Here's a topic when a long evening of pub contemplation beckons ...
Who has contributed more to New Zealand test cricket, Stephen Fleming or Daniel Vettori?
The natural fence sitting - but probably correct - answer is to say they have added equally in their own estimable ways. This is not about one-upmanship, it is about debate.
The topic is valid tonight with Vettori on the verge of passing Fleming as the most capped New Zealand test player.
Both have played 111 tests (although Vettori is credited with one extra for his 2005 World XI appearance against Australia in Sydney).
Left-handed elegance personified, especially when caressing a cover drive. Ended up playing the final test innings of his career to float in the 40-plus average club. Known for his buckethands in the slips; ranks sixth on the test aggregate list with 171.
Has any New Zealand bowler since Sir Richard been capable of landing a ball as accurately? Then he started bolstering the country's prowess with his batting. Once his all-rounder status was conferred, rumour had him driving the team bus too, such was his dominance.
Record compares favourably against most - 80 tests, 28 wins, 27 losses, 25 draws. Only Geoff Howarth had a better win percentage. Revered worldwide for tactical and strategic nous after taking over aged 23. Has translated those skills to the coaching realm with Chennai Super Kings.
The obvious successor but had nowhere near the impact. Lacked the players, but his intelligence and immersion in the game remain undisputed. Burdened with too much responsibility, but there was never a hint of complaint about such awkward circumstances.
• FlemingTake your pick. Leading New Zealand to a 2-1 test victory in England in 1999, including the sole victory at Lord's, battling out a 0-0 draw with Australia at the height of their powers in 2001-02, or negotiating the players' strike successfully later that year.
Adjusting to tests at such a young age without flinching. Always looked like he belonged, despite playing only two first-class matches before playing his first test against England. Became the second player behind Kapil Dev to get more than 4000 test runs and 300 wickets.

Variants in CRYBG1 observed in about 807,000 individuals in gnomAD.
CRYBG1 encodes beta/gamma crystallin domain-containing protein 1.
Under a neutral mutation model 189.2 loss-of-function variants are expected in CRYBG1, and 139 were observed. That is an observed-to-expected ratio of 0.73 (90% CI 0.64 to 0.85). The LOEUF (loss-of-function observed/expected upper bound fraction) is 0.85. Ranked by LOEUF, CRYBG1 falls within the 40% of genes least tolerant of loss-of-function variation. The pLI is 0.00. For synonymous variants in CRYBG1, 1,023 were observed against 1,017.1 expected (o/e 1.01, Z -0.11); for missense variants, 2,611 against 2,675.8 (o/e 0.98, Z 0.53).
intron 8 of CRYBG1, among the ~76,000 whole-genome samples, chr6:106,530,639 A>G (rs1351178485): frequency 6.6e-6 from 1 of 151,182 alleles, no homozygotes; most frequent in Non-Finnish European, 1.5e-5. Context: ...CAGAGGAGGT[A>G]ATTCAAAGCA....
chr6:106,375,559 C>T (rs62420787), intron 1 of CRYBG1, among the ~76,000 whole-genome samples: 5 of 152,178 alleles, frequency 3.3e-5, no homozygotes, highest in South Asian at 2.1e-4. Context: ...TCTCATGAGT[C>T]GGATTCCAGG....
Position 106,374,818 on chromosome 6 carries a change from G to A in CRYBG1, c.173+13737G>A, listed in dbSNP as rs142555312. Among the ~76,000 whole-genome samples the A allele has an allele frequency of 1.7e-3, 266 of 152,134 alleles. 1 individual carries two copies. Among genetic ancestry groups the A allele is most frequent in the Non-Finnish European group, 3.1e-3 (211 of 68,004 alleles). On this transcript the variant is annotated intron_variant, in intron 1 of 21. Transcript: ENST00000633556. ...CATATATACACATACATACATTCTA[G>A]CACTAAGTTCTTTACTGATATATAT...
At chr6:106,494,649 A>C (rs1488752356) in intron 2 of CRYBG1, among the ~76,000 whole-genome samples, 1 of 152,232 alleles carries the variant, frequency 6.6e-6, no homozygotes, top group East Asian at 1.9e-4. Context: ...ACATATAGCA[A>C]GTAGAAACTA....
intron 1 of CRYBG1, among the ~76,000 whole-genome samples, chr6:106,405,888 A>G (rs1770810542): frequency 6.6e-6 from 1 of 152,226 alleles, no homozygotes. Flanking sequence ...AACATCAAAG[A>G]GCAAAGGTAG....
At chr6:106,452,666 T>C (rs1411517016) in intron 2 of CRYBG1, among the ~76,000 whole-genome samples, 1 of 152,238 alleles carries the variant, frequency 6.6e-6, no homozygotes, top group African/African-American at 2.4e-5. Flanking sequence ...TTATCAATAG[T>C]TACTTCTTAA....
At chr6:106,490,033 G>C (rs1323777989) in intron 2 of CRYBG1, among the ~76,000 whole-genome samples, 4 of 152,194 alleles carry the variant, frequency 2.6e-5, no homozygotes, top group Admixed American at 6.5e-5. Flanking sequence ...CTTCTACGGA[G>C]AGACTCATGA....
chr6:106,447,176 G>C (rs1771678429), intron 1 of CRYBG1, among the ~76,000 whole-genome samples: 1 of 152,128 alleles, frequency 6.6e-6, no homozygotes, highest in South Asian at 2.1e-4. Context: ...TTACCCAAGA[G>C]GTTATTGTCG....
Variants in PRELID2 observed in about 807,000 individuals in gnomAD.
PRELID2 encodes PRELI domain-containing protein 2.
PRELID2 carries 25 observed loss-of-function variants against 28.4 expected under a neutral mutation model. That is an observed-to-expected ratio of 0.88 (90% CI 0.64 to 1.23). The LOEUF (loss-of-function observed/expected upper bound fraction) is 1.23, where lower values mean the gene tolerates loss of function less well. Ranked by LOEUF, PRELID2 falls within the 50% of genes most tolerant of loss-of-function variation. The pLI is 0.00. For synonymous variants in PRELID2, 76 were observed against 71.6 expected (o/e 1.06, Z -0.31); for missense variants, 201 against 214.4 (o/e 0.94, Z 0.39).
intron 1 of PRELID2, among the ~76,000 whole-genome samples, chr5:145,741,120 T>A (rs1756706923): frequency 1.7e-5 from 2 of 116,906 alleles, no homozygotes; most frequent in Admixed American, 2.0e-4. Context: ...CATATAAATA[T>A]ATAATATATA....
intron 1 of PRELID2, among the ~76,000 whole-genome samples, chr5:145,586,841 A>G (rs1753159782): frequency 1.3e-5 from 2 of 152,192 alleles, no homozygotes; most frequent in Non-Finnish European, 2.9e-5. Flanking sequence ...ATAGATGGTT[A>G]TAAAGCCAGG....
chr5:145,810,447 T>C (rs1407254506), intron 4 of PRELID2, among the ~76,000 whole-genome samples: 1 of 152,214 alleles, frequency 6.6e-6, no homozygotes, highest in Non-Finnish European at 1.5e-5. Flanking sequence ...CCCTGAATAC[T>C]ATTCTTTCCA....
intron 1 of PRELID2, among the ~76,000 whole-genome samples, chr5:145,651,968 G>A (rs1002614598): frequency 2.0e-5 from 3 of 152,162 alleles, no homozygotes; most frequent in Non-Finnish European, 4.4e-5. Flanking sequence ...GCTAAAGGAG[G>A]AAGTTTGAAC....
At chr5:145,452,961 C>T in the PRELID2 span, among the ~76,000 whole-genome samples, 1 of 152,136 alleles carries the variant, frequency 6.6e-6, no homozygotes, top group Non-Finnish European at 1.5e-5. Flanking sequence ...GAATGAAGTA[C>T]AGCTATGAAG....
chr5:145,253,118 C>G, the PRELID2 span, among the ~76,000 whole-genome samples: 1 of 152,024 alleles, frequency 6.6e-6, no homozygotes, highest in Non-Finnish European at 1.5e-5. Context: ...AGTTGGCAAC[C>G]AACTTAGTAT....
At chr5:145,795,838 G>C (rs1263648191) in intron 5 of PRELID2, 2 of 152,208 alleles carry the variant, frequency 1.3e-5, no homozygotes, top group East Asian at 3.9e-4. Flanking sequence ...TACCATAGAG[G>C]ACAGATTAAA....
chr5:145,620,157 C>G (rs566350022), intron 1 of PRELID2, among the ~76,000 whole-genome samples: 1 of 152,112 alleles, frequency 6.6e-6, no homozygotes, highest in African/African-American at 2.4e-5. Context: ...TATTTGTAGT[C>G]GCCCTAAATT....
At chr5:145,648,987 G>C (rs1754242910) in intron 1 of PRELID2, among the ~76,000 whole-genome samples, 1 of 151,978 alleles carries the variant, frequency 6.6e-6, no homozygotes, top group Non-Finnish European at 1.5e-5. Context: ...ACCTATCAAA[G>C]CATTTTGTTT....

Conversion rate. Nine centuries from 46 fifties for a rate of 16.36 per cent never did his batting justice, especially when he made a New Zealand record three double centuries.
The injuries of the last few seasons and his inability to create as much purchase on the ball. Has taken only five wickets in as many tests with limited turn.
His business career. Pondering tactical decisions more than using his bat has led to quality business investments, a prime coaching gig and the reassurance there is life after cricket, particularly in India. No one will forget his transformation into an astute captain, but more importantly he avoided becoming a cricketing savant.
Remarkably, New Zealand used only six other specialist spinners during his reign to complement or stand in while he recovered from injury. Add his batting and you have an icon of the New Zealand game whose whole working life has been dedicated to cricket. When his career ends hopefully his skills are broad enough to avoid being typecast.
The simple summation comes in a sentence. Vettori is the better cricketer; Fleming is the better captain.